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Mayberry Jamaican equities touting value on market projections

Predicting a possible lowering of interest rates come 2024 and an uptick in the stock market, fund manager at Mayberry Jamaican Equities (MJE), Gary Peart, is touting MJE stock as “the only Jamaican stock (investors) need to own” as he reported on the performance of MJE for the financial year ended September 2022.

MJE produced a profit of US$33 million. But for the third quarter ending September 2023, net loss was nearly US$14 million.

Still, Peart is touting value in owning the stock, which is traded on the main market of the Jamaica Stock Exchange (JSE).

Peart said the equity value of the fund has recovered from a low of US$83.83 million in 2020 to US$130.96 million in 2022. Dividend income stood at US$3.57 million, rounding off a successful year for the fund, Peart said.

He told shareholders that the MJE fund currently owns 34 stocks listed on the JSE. It was incorporated in 2005 as a wholly owned subsidiary of Mayberry Investments, Mayberry Inv. After listing on the JSE in 2017, as of December 2022, Mayberry Inv. owns 50.4 per cent of MJE and the public owns the other 49.6 per cent; a near 10 per cent year over year increase, Peart told shareholder at the Fund’s annual general meeting on Wednesday. He says he sees this as a vote of confidence in MJE stocks.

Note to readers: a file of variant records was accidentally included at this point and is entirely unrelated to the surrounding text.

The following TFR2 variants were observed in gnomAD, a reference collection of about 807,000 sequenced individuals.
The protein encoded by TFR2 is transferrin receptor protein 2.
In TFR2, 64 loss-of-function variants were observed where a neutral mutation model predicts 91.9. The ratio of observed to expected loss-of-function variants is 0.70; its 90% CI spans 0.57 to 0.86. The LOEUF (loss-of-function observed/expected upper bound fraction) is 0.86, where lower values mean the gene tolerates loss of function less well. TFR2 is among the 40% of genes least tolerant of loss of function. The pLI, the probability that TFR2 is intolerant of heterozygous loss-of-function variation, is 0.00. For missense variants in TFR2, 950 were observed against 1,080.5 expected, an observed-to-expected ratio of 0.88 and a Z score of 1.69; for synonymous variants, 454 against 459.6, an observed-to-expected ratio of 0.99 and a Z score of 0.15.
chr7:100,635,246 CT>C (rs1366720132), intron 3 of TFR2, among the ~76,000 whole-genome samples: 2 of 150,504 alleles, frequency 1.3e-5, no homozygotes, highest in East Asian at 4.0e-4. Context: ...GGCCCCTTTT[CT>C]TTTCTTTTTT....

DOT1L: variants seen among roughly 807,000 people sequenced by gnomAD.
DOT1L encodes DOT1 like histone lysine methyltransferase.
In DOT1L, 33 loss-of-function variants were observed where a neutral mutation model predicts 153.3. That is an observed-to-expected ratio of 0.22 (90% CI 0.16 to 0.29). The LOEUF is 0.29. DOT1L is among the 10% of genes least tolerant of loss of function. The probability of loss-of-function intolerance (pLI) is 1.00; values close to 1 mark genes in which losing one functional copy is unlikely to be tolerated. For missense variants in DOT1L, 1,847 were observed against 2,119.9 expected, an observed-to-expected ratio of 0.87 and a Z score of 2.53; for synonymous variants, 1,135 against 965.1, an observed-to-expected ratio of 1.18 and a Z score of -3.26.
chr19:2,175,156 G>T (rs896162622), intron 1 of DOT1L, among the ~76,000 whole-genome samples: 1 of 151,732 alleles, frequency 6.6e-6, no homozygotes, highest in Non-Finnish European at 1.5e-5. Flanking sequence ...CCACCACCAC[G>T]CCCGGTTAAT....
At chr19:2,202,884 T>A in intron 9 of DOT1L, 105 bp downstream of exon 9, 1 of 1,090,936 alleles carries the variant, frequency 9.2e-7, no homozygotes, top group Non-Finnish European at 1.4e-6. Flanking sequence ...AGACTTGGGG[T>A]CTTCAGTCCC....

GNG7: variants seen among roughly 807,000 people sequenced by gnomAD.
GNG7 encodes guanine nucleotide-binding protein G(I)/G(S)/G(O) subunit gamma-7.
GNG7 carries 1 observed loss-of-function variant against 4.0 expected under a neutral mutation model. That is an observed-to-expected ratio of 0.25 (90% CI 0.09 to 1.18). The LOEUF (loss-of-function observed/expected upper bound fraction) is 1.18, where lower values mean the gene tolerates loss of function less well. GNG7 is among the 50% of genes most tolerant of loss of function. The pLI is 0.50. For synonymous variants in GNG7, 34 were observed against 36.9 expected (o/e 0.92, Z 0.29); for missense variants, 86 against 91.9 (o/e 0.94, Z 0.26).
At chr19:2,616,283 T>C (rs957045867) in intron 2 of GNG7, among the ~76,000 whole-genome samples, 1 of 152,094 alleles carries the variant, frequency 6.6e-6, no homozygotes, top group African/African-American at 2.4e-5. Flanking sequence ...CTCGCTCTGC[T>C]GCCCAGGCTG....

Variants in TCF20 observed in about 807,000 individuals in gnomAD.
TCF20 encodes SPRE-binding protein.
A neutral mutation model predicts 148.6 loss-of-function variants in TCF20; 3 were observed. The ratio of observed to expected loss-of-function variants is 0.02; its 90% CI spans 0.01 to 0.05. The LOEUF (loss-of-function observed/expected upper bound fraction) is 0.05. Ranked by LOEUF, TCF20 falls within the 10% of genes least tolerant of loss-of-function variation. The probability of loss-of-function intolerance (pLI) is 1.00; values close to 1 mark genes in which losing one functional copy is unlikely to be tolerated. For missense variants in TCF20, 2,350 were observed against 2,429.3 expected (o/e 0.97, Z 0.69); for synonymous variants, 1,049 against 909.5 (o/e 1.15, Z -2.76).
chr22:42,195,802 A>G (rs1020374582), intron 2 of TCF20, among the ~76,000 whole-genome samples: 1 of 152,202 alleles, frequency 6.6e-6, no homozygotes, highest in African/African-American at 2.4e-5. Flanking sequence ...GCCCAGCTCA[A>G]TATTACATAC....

Peart says considering the fund’s performance, shares in MJE represent a good buy. He outlines that the net asset value, or real value of each stock if all the holdings were to be sold off, has been consistently above the prevailing market value, meaning that the shares are trading at a discount, indicating more room to grow.

Peart says the increase in interest rates occasioned by the Central Bank’s drive to tame inflation has not been good for the stock market in general, and that is reflected in the fall-off in the various indices at the JSE. At the same time, Peart says the fall-off in market prices represents an opportunity for funds like MJE to pick up bargain stocks for the fund’s portfolio. He says this is one reason why the make-up of the fund was adjusted over the nine-month period ending September.

For the quarter ending September 2023 MJE increased its total liabilities by 73.5 per cent to US$45.49 million, an indication that the funds borrowed more. This was in a bid to purchase bargain stocks, according to Peart. He says when the market begins to witness lower interest rates, then MJE’s portfolio stocks will become more attractive and place stockholders in a better position.

“We have seen opportunities in the marketplace, and we’re positioned in some of these equities because we feel that when the market changes, the rate at which those gains come on board will overcome the cost of acquiring those at that point in time,” Peart explained.

Peart reported that as at September 2023, shares in Supreme Ventures Limited account for 54.2 per cent of the total portfolio. Shares in CPJ, Jamaica Broilers, Wigton and JMMB round out the top five, ranging between 6.7 per cent and 2.9 per cent of the fund’s portfolio.

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